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Friday, October 15, 2010

Feature Friday: Interview with KC of ‘The Shock of Old’


Being an avid reader of the blog, 'The Shock of Old', I found it to be a great idea to hold an interview with its writer, KC. She is an American art historian, who discusses anything from Italian bureaucracy, to ancient artifacts found throughout the small town in which she lives, to days spent with her husband N and her beautiful daughter, Pata.



1. For those readers who have not yet read your blog, please tell why you chose to move to Italy?


I moved here to marry my husband, who is Italian. (We had met a few years before in Rome while I was on a research trip there.)


2. Since PassagetoItaly is about making the transition to Italy, how did you make the move from the United States to Italy, and when did you move?


I moved here a little over four years ago. Italy doesn't have a fiancée visa, so I came as a tourist and we married within the ninety days allowed to visitors from visa-waver countries.



3. Do you have tips/suggestions for those who are exploring the idea of making the move?


I moved because of a particular set of circumstances that made coming here relatively easy for me. I didn't have to worry about qualifying for a visa or obtaining citizenship from Italy or another EU country, so I can't really comment on the process of moving as it applies to most people who want to come to Italy. In general, I think it helps to be at least proficient in Italian before moving because it will make dealing with the bureaucracy involved in getting established here much easier.



4. What were the most difficult parts of the move?


For me, it was the finality of it: driving around the city where I lived the last days before I moved and knowing that I would probably never see it again, and knowing that in moving I was ending my career and would never work in my field again. I have a hard time with closure. I like to think that anything is possible. Moving here was really the first time in my adult life that I had to confront the reality that there are choices that we make that irrevocably close off opportunities to do other things.

5. Without being biased to the town in which you live, which town/city is your favorite in Italy?

Well, there's no chance of my being biased towards Sessa Aurunca (where I live) because I don't like it very much at all. Rome is my favorite city. As a graduate student, I spent a few months there that were very important to my intellectual development, and I look back on that time very fondly.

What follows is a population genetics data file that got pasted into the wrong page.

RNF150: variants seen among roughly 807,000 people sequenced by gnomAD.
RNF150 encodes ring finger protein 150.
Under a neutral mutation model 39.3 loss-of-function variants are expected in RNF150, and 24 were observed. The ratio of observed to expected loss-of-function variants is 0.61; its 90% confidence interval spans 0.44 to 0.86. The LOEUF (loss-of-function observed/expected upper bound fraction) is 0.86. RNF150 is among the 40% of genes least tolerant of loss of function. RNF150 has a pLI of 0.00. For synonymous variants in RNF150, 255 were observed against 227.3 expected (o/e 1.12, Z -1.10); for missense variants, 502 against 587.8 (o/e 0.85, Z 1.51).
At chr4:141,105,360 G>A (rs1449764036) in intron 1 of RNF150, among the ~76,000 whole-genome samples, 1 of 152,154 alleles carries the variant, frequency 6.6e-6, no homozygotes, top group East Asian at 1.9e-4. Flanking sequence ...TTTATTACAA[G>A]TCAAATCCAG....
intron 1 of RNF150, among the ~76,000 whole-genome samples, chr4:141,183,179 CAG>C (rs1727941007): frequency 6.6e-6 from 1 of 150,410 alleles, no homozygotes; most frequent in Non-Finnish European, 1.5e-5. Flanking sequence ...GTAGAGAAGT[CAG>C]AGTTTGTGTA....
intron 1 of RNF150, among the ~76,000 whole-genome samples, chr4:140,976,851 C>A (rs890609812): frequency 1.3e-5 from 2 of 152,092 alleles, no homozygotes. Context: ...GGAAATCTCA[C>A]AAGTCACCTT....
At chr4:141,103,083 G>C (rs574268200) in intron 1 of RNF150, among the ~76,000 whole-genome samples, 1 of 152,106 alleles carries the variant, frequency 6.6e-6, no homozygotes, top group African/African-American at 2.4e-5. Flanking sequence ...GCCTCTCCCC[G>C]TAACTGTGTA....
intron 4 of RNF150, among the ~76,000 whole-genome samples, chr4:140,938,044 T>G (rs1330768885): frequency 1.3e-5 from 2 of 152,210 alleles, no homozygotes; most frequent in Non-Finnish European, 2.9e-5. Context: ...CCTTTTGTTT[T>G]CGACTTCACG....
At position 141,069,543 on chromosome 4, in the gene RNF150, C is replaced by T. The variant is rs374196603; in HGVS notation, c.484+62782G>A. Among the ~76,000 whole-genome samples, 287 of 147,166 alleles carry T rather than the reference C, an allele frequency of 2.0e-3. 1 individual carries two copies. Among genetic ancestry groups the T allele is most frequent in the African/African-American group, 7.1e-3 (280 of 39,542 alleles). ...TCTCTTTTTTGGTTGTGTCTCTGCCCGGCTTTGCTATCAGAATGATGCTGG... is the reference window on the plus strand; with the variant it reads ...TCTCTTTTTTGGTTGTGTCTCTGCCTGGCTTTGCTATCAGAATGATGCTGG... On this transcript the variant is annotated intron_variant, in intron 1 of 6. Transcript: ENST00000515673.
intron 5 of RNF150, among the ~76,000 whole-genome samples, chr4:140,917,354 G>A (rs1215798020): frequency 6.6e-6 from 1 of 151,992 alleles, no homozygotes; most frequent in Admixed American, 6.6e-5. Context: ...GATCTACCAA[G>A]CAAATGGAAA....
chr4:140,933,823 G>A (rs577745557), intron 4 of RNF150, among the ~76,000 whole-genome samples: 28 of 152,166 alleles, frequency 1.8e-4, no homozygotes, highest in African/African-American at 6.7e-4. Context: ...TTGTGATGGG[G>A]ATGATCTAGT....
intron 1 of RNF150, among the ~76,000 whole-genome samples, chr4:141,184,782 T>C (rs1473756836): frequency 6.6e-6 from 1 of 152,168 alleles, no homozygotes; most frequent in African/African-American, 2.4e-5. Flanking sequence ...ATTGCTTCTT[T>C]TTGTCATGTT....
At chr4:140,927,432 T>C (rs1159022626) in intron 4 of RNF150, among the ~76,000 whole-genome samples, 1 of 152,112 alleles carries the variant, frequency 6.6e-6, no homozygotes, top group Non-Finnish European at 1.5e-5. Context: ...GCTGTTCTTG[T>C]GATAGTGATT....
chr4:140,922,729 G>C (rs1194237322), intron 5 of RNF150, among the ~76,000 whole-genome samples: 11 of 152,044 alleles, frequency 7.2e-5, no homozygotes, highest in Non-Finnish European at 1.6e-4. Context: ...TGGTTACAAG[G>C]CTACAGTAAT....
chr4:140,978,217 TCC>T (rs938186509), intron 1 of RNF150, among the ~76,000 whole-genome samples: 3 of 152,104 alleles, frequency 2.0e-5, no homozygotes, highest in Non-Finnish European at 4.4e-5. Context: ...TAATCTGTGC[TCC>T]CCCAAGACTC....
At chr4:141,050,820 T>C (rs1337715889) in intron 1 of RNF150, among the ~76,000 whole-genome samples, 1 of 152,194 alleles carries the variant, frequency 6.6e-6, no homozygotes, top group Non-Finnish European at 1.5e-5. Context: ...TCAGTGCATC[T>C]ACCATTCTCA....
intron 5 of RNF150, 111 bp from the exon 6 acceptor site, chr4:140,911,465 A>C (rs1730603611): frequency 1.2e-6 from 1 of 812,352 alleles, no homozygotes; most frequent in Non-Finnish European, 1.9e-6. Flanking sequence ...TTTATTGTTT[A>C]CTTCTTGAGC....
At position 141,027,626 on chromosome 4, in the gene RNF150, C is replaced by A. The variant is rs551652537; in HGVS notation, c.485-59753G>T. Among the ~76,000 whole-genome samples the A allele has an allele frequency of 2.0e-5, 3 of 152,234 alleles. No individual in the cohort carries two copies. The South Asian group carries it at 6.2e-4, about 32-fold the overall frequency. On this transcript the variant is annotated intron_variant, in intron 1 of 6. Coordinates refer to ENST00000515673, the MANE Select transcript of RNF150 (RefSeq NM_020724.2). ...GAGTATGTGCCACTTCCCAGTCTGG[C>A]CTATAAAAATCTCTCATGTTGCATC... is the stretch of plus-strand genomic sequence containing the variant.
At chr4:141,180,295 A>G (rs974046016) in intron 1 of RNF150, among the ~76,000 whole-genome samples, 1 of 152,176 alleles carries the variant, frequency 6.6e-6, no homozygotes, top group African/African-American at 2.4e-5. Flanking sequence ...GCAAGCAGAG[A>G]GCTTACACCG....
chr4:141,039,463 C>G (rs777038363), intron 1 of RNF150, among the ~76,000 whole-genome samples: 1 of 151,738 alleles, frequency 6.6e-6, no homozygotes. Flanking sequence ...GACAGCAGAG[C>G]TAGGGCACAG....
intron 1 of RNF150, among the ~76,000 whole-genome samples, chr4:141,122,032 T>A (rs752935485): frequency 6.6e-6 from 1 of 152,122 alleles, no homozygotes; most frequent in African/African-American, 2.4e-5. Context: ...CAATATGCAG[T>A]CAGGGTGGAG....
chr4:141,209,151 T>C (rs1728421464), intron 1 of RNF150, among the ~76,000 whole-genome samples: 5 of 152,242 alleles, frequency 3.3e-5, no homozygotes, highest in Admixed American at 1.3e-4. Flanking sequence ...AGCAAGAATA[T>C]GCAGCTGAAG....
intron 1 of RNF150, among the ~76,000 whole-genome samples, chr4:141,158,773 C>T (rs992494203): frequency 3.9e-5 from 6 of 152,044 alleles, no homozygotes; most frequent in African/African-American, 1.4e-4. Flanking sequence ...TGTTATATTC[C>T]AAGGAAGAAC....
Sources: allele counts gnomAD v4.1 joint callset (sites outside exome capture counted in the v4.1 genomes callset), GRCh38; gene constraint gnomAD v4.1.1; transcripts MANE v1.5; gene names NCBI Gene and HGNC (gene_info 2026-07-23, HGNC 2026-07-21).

6. Rome was my favorite as well with its combining of the old and new. If you could make a recommendation to visit an off-the-beaten trail location in Italy, where would it be?


I'm not sure how off-the-beaten track it is, but Mantova is one of my favorite cities, and I don't think it's very much visited by tourists. There are a couple of fine churches by Leon Battista Alberti there. (Sant' Andrea is breathtaking.) The Palazzo Ducale has Mantegna's frescoes in the Camera degli Sposi and in the Palazzo del Te, which is interesting enough architecturally, there is Giulio Romano's Sala dei Giganti. There is also Andrea's Mantegna's house, with a circular courtyard.

I also like Modena, which has one of the most beautiful cathedrals in Italy. Brescia is another of my favorites.



7. What are some of the traditional dishes of your adopted town?


To be honest, I don't really know. They do have a strange 'pastiera' made with rice here, which I cannot recommend. (I put pastiera in quotes there out of respect to any Neapolitans offended by the idea that you can make one with rice!)



8. What are some of the traditional celebrations specific to your town?


We have an extensive celebration of Holy Week, involving several processions and the display of a statue of St. Leo and the town's venerated image of the Madonna. There's also a procession honoring the Madonna del Carmine in July. There are 'giochi di quartiere,' in September, I believe, with archers and flag throwers in costume. I think there may be a few other events, but I find that these things have a way of fading into daily life when you live here for a while.


Thank you KC for sharing us! And to the few who follow my blog, don't forget to check out 'The Shock of Old'.

5 comments:

  1. Thank you!
    I love reading KC's blog, too!
    Dana

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  2. Catherine, thanks so much for interviewing me. I had a great time answering your questions! (I tried to leave this comment a few days ago, but I think I forgot to hit 'submit.')

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  3. Dana - you're welcome. Yeah, she's great!

    KC - no, thank you! It was so nice of you to do the interview. I don't think your comment came through, as I didn't see it. Glad you were able to re-post it though as I love reading comments.

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  4. Hi!

    Would you care to link my blog in yours? I think we have lots in common in our topics!
    My blog is www.myitalianside.com!
    I will link yours in mine! :)

    Great job!!

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  5. Hi Rosaly! Sorry for there to be such a delay in response. Yes, I will link you!

    ReplyDelete